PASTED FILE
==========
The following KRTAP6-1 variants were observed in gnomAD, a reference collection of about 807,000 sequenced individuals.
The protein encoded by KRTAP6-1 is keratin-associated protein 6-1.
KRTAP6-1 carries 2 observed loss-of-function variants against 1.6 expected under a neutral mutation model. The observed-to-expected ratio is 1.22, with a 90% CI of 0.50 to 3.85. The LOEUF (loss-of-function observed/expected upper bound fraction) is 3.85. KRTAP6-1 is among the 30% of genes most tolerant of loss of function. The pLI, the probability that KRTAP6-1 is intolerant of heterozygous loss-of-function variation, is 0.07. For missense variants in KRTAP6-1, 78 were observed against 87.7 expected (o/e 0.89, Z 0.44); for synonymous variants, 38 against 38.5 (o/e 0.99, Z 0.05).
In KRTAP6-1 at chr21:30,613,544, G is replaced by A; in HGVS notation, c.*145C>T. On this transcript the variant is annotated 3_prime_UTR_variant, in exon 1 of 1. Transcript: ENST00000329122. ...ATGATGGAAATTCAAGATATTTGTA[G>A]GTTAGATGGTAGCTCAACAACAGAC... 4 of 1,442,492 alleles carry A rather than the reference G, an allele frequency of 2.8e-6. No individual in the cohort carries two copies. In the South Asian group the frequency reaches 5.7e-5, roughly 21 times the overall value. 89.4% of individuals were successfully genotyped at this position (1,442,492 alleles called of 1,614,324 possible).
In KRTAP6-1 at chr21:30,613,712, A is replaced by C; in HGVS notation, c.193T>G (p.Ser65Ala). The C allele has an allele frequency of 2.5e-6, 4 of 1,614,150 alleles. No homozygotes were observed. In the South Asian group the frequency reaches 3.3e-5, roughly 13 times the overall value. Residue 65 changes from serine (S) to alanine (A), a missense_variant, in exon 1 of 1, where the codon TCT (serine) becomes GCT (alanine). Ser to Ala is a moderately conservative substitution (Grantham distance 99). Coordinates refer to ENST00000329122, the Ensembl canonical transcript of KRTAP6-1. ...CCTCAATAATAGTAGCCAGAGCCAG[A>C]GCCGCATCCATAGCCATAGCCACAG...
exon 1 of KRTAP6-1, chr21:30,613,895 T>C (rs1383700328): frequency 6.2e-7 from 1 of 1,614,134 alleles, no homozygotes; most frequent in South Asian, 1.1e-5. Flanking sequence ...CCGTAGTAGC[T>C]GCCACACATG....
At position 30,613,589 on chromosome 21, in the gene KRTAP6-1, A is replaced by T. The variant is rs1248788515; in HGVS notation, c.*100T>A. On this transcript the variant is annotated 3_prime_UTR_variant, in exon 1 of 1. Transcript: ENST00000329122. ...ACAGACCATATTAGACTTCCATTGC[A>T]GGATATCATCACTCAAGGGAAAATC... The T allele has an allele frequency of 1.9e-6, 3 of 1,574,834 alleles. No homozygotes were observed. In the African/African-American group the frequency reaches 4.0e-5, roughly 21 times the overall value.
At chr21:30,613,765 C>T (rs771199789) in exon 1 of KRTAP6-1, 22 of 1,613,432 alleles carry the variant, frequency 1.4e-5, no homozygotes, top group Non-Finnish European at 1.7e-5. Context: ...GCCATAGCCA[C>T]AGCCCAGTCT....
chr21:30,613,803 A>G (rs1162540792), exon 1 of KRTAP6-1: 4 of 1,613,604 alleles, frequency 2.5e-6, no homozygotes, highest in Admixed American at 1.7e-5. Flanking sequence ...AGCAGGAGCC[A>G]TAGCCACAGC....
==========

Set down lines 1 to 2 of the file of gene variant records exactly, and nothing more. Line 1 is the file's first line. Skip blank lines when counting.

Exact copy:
The following KRTAP6-1 variants were observed in gnomAD, a reference collection of about 807,000 sequenced individuals.
The protein encoded by KRTAP6-1 is keratin-associated protein 6-1.